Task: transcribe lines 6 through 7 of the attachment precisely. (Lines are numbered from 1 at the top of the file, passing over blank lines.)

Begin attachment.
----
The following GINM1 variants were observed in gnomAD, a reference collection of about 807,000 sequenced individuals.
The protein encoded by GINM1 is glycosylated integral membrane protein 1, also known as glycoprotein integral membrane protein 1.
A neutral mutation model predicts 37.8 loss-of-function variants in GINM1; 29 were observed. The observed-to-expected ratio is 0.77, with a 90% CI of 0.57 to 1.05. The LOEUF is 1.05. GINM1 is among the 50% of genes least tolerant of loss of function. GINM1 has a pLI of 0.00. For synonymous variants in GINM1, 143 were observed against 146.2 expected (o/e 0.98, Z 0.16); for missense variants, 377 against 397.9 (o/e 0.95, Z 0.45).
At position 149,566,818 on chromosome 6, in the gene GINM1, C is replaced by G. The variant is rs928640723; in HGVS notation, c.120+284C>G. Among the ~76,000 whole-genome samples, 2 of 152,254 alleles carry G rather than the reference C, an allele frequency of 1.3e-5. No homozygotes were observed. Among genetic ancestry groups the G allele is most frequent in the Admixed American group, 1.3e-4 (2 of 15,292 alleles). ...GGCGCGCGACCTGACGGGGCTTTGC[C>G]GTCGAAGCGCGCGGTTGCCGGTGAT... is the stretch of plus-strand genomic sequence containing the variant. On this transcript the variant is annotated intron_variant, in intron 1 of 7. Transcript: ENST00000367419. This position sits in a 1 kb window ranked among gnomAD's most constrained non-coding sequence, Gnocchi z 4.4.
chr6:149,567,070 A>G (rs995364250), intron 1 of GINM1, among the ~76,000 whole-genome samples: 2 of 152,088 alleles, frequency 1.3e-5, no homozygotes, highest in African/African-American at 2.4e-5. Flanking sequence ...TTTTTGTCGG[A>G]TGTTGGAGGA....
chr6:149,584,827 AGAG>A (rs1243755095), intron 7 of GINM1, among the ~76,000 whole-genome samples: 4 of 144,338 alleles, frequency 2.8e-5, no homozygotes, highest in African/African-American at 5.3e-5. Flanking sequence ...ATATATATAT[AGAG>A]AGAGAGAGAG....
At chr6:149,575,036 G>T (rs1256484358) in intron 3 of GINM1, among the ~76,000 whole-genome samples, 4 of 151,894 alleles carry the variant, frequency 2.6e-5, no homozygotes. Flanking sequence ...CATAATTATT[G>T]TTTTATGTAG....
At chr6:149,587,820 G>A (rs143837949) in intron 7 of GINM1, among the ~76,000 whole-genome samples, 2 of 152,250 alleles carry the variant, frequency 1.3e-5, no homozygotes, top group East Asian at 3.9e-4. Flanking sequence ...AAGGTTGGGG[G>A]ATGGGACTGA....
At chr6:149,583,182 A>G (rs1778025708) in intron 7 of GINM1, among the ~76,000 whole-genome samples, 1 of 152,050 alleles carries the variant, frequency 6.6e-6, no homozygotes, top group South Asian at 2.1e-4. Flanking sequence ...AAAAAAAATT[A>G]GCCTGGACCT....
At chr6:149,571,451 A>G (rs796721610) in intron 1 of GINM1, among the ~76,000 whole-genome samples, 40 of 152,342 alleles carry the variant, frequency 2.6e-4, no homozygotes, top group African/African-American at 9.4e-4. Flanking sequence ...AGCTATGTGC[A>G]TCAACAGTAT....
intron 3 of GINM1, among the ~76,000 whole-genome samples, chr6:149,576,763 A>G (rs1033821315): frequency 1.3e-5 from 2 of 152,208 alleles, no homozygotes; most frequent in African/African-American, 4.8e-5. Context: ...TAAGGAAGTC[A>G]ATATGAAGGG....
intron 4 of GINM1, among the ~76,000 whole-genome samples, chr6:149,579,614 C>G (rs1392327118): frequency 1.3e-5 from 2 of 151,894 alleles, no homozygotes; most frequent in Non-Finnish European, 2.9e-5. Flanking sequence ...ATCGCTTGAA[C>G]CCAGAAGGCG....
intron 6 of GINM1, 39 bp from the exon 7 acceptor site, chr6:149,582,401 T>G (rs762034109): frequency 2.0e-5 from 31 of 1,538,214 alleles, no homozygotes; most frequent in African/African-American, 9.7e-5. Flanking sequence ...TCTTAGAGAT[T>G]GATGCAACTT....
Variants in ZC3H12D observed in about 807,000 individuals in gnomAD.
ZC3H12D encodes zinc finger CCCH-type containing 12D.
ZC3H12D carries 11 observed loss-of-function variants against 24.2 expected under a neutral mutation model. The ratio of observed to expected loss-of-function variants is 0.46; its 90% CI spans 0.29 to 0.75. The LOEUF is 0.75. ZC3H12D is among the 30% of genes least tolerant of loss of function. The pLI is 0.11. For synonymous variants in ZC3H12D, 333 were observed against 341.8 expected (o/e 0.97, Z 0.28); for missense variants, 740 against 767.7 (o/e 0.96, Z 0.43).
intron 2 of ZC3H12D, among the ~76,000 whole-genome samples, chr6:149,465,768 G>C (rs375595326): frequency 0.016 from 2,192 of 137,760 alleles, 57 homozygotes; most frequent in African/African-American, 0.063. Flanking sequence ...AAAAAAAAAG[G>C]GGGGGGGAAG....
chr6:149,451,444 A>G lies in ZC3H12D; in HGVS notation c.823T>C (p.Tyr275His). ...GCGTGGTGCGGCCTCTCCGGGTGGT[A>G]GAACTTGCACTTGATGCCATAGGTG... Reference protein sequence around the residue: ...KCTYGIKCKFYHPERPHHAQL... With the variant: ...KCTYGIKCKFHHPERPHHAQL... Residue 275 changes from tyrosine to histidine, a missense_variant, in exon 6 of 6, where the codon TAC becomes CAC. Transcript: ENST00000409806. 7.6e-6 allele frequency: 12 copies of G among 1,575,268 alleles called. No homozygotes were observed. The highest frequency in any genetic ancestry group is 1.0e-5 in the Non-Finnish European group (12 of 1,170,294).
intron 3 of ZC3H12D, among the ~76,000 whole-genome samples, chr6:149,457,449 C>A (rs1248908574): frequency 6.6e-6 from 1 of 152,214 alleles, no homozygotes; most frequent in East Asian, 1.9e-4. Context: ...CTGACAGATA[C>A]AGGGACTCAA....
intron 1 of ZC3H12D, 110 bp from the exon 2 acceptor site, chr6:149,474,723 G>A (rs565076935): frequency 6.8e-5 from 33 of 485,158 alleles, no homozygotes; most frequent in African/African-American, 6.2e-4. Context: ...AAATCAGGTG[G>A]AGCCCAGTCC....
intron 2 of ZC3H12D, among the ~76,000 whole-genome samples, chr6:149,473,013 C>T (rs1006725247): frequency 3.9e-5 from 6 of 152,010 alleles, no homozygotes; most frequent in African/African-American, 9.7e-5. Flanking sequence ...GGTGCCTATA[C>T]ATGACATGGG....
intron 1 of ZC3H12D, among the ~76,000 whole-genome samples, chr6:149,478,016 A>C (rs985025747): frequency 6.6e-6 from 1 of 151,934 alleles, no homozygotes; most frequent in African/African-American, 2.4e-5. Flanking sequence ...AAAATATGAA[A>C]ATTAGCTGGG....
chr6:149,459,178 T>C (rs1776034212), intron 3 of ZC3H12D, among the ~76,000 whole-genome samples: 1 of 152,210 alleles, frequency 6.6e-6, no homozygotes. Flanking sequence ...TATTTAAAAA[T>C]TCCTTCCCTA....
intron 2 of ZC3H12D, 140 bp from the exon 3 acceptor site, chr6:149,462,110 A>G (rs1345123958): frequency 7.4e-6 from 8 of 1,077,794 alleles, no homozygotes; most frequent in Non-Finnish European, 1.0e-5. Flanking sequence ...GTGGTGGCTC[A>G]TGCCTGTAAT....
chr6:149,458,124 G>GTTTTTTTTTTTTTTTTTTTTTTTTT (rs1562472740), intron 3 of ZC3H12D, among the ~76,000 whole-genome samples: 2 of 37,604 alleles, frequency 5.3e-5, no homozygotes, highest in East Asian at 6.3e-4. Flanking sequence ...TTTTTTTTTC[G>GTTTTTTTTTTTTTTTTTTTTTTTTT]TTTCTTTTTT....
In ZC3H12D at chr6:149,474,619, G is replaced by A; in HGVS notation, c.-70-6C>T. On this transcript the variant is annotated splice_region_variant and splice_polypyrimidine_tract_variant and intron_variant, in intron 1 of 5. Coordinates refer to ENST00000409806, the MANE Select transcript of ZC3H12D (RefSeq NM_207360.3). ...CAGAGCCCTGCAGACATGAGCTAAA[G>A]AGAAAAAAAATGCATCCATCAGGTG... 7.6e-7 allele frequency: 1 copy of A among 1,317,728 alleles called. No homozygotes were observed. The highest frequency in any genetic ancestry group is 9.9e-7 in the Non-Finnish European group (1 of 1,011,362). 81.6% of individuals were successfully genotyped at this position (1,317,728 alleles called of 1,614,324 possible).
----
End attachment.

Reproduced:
chr6:149,584,827 AGAG>A (rs1243755095), intron 7 of GINM1, among the ~76,000 whole-genome samples: 4 of 144,338 alleles, frequency 2.8e-5, no homozygotes, highest in African/African-American at 5.3e-5. Flanking sequence ...ATATATATAT[AGAG>A]AGAGAGAGAG....
At chr6:149,575,036 G>T (rs1256484358) in intron 3 of GINM1, among the ~76,000 whole-genome samples, 4 of 151,894 alleles carry the variant, frequency 2.6e-5, no homozygotes. Flanking sequence ...CATAATTATT[G>T]TTTTATGTAG....